How to Read Now explores the politics and ethics of reading, and insists that we are capable of something better: a more engaged relationship not just with our fiction and our art, but with our buried and entangled histories. Castillo attacks the stale questions and less-than-critical proclamations that masquerade as vital discussion: reimagining the cartography of the classics, building a moral case against the settler colonialism of lauded writers like Joan Didion, taking aim at Nobel Prize winners and toppling indie filmmakers, and celebrating glorious moments in everything from popular TV like The Watchmen to the films of Wong Kar-wai and the work of contemporary poets like Tommy Pico.
Elaine Castillo’s How to Read Now begins with a section called 'Author’s Note, or a Virgo Clarifies Things.' The title is a neat encapsulation of the book’s style: rigorous but still chatty, intellectual but not precious or academic about it ... How to Read Now proceeds at a breakneck pace. Each of the book’s eight essays burns bright and hot from start to finish ... How to Read Now is not for everybody, but if it is for you, it is clarifying and bracing. Castillo offers a full-throated critique of some of the literary world’s most insipid and self-serving ideas ... So how should we read now? Castillo offers suggestions but no resolution. She is less interested in capital-A Answers...and more excited by the opportunity to restore a multitude of voices and perspectives to the conversation ... A book is nothing without a reader; this one is co-created by its recipients, re-created every time the page is turned anew. How to Read Now offers its audience the opportunity to look past the simplicity we’re all too often spoon-fed into order to restore ourselves to chaos and complexity — a way of seeing and reading that demands so much more of us but offers even more in return.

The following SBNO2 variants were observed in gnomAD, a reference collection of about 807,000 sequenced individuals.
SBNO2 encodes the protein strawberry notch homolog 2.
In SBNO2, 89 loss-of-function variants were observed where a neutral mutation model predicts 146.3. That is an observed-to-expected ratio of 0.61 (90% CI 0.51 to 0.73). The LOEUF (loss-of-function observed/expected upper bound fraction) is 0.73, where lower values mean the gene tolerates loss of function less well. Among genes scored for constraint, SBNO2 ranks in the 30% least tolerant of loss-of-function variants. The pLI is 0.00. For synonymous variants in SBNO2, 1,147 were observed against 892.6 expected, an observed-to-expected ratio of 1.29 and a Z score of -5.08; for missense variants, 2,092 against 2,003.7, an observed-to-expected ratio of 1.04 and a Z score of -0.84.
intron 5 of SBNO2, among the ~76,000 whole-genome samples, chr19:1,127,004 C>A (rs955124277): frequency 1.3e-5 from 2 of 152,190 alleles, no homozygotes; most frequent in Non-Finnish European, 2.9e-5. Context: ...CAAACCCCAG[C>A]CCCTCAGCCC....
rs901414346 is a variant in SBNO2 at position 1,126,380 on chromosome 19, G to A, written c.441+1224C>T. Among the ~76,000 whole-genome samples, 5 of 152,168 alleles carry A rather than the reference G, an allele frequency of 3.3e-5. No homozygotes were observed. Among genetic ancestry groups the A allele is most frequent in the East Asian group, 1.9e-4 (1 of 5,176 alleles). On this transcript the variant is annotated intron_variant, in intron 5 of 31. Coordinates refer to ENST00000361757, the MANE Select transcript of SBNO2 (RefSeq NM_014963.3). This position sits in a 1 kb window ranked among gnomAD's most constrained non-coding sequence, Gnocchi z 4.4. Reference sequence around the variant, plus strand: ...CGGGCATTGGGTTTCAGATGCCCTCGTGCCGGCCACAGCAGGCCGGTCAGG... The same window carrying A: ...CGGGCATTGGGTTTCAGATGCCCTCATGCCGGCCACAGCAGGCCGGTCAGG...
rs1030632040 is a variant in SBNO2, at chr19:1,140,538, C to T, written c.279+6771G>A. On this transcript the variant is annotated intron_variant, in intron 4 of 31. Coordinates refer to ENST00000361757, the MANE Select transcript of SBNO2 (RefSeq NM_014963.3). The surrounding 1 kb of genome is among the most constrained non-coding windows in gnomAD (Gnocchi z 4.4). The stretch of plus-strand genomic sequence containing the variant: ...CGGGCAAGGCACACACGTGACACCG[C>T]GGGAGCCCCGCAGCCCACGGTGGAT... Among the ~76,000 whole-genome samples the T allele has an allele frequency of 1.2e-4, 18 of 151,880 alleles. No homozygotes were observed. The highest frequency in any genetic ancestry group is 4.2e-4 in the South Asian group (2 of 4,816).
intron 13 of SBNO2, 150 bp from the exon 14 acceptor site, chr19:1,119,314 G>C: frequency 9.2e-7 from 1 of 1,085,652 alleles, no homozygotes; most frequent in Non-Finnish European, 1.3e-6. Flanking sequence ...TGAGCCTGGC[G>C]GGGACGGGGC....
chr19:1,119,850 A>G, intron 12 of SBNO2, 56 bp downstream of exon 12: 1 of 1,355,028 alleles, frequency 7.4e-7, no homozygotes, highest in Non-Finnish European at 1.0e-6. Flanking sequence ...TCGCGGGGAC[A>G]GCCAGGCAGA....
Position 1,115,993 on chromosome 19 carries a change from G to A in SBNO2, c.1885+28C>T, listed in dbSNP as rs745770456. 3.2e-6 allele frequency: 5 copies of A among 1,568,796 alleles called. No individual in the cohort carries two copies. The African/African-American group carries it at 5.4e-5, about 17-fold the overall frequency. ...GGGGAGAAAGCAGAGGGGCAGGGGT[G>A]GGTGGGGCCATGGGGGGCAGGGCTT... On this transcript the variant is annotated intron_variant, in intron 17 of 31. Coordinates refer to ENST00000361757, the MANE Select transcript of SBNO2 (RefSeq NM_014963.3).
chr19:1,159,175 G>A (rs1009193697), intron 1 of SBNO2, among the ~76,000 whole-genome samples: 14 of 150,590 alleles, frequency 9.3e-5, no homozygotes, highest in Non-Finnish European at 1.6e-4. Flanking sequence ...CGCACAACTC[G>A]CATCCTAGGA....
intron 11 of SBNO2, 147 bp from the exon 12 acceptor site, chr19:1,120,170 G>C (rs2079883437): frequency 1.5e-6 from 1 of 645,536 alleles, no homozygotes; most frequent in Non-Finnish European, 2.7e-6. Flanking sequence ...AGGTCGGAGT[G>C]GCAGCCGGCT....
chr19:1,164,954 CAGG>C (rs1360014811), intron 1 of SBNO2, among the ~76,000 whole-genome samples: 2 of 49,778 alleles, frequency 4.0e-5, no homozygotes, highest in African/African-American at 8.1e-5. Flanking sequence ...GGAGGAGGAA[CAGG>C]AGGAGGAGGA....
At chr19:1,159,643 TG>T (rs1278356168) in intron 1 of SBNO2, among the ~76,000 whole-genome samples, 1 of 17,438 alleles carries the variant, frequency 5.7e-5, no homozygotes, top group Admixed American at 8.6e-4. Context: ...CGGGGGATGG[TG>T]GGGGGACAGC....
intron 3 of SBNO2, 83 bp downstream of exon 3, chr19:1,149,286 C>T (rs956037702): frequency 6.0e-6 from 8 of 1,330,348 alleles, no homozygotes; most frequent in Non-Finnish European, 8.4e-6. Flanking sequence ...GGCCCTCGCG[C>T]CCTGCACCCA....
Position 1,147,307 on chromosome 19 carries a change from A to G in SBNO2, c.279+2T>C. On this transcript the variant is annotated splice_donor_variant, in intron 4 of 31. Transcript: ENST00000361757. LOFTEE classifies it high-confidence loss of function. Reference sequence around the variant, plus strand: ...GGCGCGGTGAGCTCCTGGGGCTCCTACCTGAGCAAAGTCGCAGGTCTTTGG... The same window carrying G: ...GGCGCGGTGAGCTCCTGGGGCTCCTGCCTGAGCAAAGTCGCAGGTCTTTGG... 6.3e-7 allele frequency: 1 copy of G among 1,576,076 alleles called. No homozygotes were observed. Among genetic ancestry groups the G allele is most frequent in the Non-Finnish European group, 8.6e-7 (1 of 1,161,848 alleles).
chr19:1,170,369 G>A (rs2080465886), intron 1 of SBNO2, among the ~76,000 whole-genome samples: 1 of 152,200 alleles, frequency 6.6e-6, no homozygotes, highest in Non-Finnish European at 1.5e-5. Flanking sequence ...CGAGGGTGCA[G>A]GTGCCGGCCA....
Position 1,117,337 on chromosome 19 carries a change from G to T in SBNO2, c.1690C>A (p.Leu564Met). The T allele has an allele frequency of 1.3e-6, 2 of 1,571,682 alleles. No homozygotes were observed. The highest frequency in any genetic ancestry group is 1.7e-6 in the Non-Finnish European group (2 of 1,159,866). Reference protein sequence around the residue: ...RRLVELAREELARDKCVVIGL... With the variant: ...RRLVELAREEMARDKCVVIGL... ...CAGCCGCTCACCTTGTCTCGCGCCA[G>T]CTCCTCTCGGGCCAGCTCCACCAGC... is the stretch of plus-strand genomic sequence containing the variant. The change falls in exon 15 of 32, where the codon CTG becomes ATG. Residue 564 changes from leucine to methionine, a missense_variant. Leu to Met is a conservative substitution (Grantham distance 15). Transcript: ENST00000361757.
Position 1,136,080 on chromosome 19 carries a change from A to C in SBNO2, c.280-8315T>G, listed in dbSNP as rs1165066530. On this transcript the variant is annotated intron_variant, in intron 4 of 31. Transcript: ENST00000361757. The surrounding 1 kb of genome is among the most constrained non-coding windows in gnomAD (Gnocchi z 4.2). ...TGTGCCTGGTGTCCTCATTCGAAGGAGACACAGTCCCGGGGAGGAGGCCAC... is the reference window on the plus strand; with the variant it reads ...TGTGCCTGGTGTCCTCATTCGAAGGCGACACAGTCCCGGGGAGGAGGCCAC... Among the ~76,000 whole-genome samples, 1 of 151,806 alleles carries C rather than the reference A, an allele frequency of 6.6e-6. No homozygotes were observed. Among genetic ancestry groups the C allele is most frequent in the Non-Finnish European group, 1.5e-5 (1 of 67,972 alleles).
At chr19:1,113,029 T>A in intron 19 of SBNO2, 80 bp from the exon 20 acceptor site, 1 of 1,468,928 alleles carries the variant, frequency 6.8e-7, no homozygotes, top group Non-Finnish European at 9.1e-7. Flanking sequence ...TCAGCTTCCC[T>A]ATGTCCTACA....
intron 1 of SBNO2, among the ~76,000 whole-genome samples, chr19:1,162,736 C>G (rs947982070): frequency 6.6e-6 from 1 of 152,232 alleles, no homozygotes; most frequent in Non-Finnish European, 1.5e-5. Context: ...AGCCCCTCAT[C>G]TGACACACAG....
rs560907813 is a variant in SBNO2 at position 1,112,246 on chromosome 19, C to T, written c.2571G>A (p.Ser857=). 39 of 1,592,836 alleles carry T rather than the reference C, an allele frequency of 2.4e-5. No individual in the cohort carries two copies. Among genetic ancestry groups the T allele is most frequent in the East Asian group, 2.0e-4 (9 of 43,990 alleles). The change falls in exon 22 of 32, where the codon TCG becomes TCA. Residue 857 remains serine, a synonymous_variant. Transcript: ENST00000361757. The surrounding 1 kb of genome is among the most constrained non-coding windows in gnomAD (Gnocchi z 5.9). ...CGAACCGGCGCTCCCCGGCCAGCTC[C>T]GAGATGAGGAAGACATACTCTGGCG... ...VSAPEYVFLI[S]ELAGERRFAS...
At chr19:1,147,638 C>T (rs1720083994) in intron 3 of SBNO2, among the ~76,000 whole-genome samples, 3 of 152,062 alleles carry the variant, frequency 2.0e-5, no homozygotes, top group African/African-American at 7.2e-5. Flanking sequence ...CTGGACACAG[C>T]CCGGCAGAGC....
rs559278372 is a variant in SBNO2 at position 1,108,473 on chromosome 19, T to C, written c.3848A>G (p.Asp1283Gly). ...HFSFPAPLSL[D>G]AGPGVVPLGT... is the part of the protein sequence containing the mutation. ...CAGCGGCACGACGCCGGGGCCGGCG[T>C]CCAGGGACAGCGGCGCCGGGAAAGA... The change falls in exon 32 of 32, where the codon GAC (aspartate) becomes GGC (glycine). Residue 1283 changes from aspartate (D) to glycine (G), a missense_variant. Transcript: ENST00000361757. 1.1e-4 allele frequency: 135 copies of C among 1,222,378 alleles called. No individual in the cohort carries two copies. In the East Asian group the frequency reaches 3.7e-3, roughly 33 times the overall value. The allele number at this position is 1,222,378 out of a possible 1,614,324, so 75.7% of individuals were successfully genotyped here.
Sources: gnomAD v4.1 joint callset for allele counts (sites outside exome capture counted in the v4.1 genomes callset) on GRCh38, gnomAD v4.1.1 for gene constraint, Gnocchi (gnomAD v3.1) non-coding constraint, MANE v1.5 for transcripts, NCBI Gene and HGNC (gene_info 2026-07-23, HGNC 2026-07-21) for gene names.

... an even more explicit meditation on questions of inheritance, working through Castillo’s responsibilities not as a writer, but as a reader. Its eight chapters engage the readers who have most informed her own practice ... This is a book on readership that is itself a series of readings. Castillo leads by example ... Despite its searching quality, How to Read Now approaches reading as a political act that implicates everyone. To be a good reader, Castillo suggests, means being open to the different readings of other people, perhaps especially those you disagree with ... Castillo’s nonfiction carries the same animated verve as her novel. At times the prose veers toward the polemical, but only to unsettle our pieties ... Castillo pulls off a masterly takedown of the cult of Joan Didion ... Despite its declarative title, How to Read Now is not so much an instruction manual as an earnest invitation...What emerges is an engaging and provocative conversation with a playful interlocutor who wanted me, her reader, to talk back ... There is a breathless earnestness to Castillo’s writing, which unfurls in long sentences laced with extended parentheticals and subordinate clauses. The chatty prose and its rhetorical flourishes are distinctly millennial ... When I started reading the book, I (another Asian American living in the Bay Area) frequently found myself in ambivalent or even direct disagreement with Castillo. It gradually became clear that that was the point: for me to become her “unexpected reader,” and thus feel the full weight of her argument. How to Read Now is a book that doesn’t seek to shut down the current literary discourse so much as shake it up. And on this I agree with Castillo: It so desperately needs to change.
Elaine Castillo dismantles the notion that art should be separate from the artist, because our understanding of where a story comes from, and who is telling it, matters ... Simple, profound point ... It matters who draws the bath, and that is Castillo’s point. Even if that person is invisible, unmentioned or does not speak, that person matters. Their story is your story, too.